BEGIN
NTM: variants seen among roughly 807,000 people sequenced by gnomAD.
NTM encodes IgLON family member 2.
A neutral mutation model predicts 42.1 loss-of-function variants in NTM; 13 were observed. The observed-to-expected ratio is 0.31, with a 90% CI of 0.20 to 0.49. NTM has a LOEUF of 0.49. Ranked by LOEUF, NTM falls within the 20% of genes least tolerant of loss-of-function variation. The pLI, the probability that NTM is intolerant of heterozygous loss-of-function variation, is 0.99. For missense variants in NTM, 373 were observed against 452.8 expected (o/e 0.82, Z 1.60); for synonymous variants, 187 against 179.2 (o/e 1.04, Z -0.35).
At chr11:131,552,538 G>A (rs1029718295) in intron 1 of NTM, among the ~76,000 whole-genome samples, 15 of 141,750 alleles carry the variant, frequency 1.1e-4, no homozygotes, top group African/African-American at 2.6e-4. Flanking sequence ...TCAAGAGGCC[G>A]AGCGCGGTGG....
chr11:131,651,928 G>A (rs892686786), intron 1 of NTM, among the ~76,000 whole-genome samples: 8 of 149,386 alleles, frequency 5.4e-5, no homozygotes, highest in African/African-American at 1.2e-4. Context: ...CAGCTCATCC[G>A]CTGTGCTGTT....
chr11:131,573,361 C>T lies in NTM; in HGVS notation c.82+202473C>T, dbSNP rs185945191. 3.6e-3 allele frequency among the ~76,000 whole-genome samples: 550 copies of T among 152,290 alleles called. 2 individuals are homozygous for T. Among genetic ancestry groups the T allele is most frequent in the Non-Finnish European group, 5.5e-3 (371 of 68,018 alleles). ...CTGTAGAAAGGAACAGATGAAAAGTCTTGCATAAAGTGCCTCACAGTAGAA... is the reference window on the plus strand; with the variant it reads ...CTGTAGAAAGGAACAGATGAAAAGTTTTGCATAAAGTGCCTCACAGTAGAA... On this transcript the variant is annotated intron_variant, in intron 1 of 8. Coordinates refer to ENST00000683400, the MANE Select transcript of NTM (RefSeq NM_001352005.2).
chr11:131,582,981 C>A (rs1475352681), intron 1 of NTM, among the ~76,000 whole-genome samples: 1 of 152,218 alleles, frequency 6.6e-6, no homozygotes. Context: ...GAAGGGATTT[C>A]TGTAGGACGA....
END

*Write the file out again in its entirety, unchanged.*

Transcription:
NTM: variants seen among roughly 807,000 people sequenced by gnomAD.
NTM encodes IgLON family member 2.
A neutral mutation model predicts 42.1 loss-of-function variants in NTM; 13 were observed. The observed-to-expected ratio is 0.31, with a 90% CI of 0.20 to 0.49. NTM has a LOEUF of 0.49. Ranked by LOEUF, NTM falls within the 20% of genes least tolerant of loss-of-function variation. The pLI, the probability that NTM is intolerant of heterozygous loss-of-function variation, is 0.99. For missense variants in NTM, 373 were observed against 452.8 expected (o/e 0.82, Z 1.60); for synonymous variants, 187 against 179.2 (o/e 1.04, Z -0.35).
At chr11:131,552,538 G>A (rs1029718295) in intron 1 of NTM, among the ~76,000 whole-genome samples, 15 of 141,750 alleles carry the variant, frequency 1.1e-4, no homozygotes, top group African/African-American at 2.6e-4. Flanking sequence ...TCAAGAGGCC[G>A]AGCGCGGTGG....
chr11:131,651,928 G>A (rs892686786), intron 1 of NTM, among the ~76,000 whole-genome samples: 8 of 149,386 alleles, frequency 5.4e-5, no homozygotes, highest in African/African-American at 1.2e-4. Context: ...CAGCTCATCC[G>A]CTGTGCTGTT....
chr11:131,573,361 C>T lies in NTM; in HGVS notation c.82+202473C>T, dbSNP rs185945191. 3.6e-3 allele frequency among the ~76,000 whole-genome samples: 550 copies of T among 152,290 alleles called. 2 individuals are homozygous for T. Among genetic ancestry groups the T allele is most frequent in the Non-Finnish European group, 5.5e-3 (371 of 68,018 alleles). ...CTGTAGAAAGGAACAGATGAAAAGTCTTGCATAAAGTGCCTCACAGTAGAA... is the reference window on the plus strand; with the variant it reads ...CTGTAGAAAGGAACAGATGAAAAGTTTTGCATAAAGTGCCTCACAGTAGAA... On this transcript the variant is annotated intron_variant, in intron 1 of 8. Coordinates refer to ENST00000683400, the MANE Select transcript of NTM (RefSeq NM_001352005.2).
chr11:131,582,981 C>A (rs1475352681), intron 1 of NTM, among the ~76,000 whole-genome samples: 1 of 152,218 alleles, frequency 6.6e-6, no homozygotes. Context: ...GAAGGGATTT[C>A]TGTAGGACGA....